Special Committee for the Review of Professionalism is preparing recommendations
A special committee of Bar leaders is big step closer to completing a comprehensive review of professionalism in the practice of law, and how to strengthen it, said President-elect Gary Lesser.
“We’re going to be presenting a status report of where we’re at,” Lesser said. “It won’t be like previous reports, it will be a more detailed road map.”
Lesser, a veteran West Palm Beach attorney, co-chairs the Special Committee for the Review of Professionalism in Florida. He intends to describe the final stages of the committee’s work to the Board of Governors when it meets December 3 on Amelia Island.
When he announced the committee at his swearing-in ceremony in June, President Mike Tanner charged it with recommending ways to improve the definition, training and enforcement of professionalism.
Anticipating an effort that would require Supreme Court approval, and extend beyond his tenure, Tanner appointed Lesser, his successor, as co-chair.
Three subcommittees are preparing recommendations, and the committee intends to present a final report that encompasses them for board approval in March, Lesser said.
The 20-member panel is co-chaired by Stuart attorney Elizabeth Hunter, who also chairs the standing Committee on Professionalism. The committee includes a former Florida Bar ethics counsel, a veteran appellate judge, legal scholars, and others.
The Florida Supreme Court described the integrated standards for professionalism in In Re Code for Resolving Professionalism Complaints, Case No. SC 13-688.
The justices defined them as:
- The Florida Bar Professionalism Expectations.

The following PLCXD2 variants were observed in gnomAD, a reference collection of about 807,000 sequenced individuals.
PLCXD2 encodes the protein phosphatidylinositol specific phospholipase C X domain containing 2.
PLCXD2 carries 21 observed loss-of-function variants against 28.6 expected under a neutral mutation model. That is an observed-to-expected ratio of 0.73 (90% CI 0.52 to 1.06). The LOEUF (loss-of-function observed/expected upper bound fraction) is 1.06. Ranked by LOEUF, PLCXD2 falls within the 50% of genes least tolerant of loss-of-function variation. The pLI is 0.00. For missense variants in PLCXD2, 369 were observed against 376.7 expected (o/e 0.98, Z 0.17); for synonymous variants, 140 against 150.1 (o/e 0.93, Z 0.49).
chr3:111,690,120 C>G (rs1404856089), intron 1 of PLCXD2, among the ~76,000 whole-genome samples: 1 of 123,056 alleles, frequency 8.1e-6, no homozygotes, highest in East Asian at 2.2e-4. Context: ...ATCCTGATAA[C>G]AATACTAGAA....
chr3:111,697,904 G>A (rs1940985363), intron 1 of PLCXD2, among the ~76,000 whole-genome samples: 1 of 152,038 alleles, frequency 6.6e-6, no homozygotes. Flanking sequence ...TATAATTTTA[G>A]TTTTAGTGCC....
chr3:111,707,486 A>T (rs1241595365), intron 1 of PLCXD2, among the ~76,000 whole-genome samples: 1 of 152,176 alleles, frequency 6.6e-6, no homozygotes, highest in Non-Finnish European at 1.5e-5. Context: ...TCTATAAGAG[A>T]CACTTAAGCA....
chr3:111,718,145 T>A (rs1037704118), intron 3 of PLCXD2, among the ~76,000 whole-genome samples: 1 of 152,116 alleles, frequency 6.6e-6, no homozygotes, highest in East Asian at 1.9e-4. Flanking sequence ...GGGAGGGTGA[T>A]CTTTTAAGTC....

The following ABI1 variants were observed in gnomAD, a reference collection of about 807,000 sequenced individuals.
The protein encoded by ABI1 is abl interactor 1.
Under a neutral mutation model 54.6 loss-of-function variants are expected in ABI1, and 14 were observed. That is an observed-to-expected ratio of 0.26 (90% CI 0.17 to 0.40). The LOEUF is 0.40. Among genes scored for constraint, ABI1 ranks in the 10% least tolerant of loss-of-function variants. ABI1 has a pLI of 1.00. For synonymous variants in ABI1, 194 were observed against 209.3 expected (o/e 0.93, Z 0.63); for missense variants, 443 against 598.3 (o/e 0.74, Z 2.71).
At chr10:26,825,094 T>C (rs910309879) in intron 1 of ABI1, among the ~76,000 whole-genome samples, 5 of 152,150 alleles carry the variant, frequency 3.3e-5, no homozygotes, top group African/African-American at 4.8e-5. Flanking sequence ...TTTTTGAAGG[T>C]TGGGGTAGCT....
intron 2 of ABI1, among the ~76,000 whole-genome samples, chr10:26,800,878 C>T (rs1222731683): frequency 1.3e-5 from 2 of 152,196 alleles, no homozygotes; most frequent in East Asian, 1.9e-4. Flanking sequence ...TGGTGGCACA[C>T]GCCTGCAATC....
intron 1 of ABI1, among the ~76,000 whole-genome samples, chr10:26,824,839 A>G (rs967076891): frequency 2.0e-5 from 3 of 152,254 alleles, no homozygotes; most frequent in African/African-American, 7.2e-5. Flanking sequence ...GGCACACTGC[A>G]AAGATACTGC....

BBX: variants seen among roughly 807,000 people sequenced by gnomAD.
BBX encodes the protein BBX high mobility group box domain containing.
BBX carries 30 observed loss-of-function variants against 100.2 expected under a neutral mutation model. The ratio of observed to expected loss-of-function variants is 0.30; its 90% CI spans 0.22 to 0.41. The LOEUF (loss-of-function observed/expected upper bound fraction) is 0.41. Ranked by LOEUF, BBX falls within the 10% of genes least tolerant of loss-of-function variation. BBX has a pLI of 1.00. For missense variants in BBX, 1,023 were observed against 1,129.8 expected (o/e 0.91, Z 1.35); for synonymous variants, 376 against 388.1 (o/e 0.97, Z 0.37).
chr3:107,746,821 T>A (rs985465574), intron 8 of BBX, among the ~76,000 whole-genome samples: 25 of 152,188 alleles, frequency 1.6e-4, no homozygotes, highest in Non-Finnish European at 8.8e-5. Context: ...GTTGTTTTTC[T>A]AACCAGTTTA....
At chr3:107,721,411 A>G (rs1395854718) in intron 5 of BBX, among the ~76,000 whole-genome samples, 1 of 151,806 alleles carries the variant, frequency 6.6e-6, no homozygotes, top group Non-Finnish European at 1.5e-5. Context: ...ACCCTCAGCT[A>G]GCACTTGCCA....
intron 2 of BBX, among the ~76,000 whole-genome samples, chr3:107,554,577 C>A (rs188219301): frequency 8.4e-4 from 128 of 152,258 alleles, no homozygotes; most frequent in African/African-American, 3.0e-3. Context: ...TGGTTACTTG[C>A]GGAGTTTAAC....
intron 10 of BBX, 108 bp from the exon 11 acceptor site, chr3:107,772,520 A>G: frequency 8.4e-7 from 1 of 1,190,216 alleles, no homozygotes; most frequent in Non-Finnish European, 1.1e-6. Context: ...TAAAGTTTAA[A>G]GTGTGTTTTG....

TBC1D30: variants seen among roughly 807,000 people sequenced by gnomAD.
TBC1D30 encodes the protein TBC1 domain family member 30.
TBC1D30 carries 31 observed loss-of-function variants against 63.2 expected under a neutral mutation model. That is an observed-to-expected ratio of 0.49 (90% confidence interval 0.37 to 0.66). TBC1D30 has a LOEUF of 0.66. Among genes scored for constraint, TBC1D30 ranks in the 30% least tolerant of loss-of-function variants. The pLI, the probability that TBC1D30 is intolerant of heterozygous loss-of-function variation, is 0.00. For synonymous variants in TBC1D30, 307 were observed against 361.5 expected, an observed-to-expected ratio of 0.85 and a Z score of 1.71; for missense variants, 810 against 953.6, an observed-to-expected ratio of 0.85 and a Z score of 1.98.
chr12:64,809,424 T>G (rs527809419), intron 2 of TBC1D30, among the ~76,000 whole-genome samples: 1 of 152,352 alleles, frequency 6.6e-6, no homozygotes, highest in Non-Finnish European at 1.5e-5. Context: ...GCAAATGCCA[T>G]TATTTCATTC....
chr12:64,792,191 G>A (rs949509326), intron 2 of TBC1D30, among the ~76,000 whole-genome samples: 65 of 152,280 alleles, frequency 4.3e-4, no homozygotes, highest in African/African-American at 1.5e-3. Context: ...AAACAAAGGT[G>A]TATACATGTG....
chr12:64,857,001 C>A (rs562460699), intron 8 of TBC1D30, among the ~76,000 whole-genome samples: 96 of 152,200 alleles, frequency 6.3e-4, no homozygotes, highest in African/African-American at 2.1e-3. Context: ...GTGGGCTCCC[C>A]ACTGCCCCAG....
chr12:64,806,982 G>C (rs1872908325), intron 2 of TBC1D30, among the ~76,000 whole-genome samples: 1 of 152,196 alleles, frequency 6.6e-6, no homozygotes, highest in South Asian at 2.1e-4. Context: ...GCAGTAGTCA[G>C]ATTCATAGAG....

- The Florida Bar Oath of Professionalism.
- The Florida Bar Creed of Professionalism.
- The Rules Regulating The Florida Bar.
- The decisions of the Florida Supreme Court.
Lesser said the committee is considering ways to better promote the standards and make them more easily accessible, possibly through a dedicated webpage.
When it comes to professionalism education, the committee is studying ways to provide “meaningful professionalism education in the everyday practice of law,” Lesser said.
“There has been preliminary contact with the law schools, which are very interested,” Lesser said. “It’s better to start these discussions and thought processes with law school students, than later on in their career.”
In terms of continuing education requirements, the committee is considering developing “Florida Bar-directed professionalism videos on a variety of topics that would be a way to satisfy professionalism CLE requirements.”
When it comes to enforcement, Lesser is convinced that local professionalism panels that exist in each circuit, are key. An enforcement subcommittee recently convened a meeting of the chairs of every local professionalism panel, or their designees.
The committee is studying ways to give the panels more uniform procedures, and make more Bar members aware they exist, Lesser said.
Lesser chaired a pioneering local professionalism panel in the 15th Circuit in 1990s, before the Supreme Court established them in 2015.
The panels lack disciplinary authority but have proven to be valuable tools for correcting errant behavior before it rises to the level of formal complaint, Lesser said.
“I saw many occasions where these lawyers felt bad, and actually ended becoming friends with the lawyer that they had a problem with, because there was a forum to get these issues resolved without the full weight of discipline,” he said.